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Chinese Gold Standard Could Look Like This
July 29, 2009



Gold marches up toward $1,000. Gold marches back down again. Today it is $934.

What if this is what China wants?

I have read writers who say that Chinese buying is good for the market and an indication that gold is about to take off. I'll bet you have seen stories like this, too.

Certainly Chinese buying is not an indicator of gold market weakness. That goes without saying.

But is it in the interests of China to push gold to $1,500 or $2,000 a troy ounce when it holds so many U.S. dollars and other foreign currencies?

That would be like throwing half their money away. Why would a Chinese official in his right mind simply bid the price of gold higher and higher on the open market?

It seems to me it would be far better for the Chinese to nibble when gold is weak and stop buying when it temporarily strengthens. Over time its gold reserves will continue to grow and they will do so without disruptions to the market that would cost them a bundle.

When the gold standard held sway in the world, the U.S. Treasury stood ready to buy gold for the official price of $20.67. It also stood ready to sell gold for $20.67 an ounce in the form of freshly minted U.S. coins.

The prices weren't precise. The market assessed what were called points to pay the cost of shipping, insurance and the expenditures associated with handling physical gold.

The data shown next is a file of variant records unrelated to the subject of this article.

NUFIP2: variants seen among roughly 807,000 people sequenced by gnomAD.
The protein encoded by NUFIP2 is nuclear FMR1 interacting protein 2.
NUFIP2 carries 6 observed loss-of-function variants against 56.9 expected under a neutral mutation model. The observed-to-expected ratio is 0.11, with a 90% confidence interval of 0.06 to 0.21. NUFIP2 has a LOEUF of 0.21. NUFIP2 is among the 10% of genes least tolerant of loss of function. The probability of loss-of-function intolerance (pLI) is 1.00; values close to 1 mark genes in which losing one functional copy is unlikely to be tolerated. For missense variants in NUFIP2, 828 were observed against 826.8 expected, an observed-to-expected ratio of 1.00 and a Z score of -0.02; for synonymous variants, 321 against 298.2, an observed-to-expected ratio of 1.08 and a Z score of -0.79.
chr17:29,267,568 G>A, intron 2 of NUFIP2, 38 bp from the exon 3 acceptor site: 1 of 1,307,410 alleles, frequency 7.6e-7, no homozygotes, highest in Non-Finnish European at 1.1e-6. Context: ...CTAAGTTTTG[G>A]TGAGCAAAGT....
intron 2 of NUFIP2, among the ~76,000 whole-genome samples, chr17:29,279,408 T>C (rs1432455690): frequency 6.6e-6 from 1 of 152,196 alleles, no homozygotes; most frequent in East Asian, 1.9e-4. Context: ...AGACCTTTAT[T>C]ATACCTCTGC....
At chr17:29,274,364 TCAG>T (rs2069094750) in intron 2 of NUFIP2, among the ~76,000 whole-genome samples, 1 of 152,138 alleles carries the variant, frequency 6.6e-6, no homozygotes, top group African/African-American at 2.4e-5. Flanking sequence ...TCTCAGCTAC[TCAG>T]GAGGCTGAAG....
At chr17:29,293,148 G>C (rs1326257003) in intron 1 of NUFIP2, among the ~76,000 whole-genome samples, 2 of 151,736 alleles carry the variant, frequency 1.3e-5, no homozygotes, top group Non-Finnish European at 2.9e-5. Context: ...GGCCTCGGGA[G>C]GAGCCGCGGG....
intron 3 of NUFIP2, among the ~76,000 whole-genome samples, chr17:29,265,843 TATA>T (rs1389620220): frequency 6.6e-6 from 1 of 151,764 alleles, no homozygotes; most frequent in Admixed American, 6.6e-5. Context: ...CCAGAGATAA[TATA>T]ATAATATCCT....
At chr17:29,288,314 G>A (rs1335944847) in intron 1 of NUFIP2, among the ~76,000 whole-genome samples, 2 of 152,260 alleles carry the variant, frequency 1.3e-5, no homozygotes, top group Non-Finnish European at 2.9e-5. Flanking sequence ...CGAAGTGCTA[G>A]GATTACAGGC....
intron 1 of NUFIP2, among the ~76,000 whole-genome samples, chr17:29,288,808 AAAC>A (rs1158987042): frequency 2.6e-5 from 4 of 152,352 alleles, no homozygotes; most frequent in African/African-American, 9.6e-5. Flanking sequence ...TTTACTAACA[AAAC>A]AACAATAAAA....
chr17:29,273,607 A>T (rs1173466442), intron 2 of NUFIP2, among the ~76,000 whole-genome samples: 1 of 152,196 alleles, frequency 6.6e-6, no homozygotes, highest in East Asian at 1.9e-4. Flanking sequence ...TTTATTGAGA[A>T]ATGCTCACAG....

What if China has decided to behave somewhat in this fashion except the band is not points either side of an official price but simply $1,000 on the high end and $900 on the low end?

It could keep this up for years.



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About the Author
David C. Harper has been a coin collector since 1963. He joined the Krause Publications editorial staff in 1978 and is currently editor of Numismatic News, Bank Note Reporter and World Coin News. He also edits two books annually, North American Coins & Prices and Coin Digest. He is the author of the Class of '63 column that runs each week in Numismatic News. His first bylined numismatic article appeared in the June 1971 issue of Coins Magazine and his various Krause Publications assignments included a stint as editor of the magazine 1980-1983. Harper received a bachelor of science degree from the University of Wisconsin-Oshkosh in 1977. He had a double major of journalism and economics.

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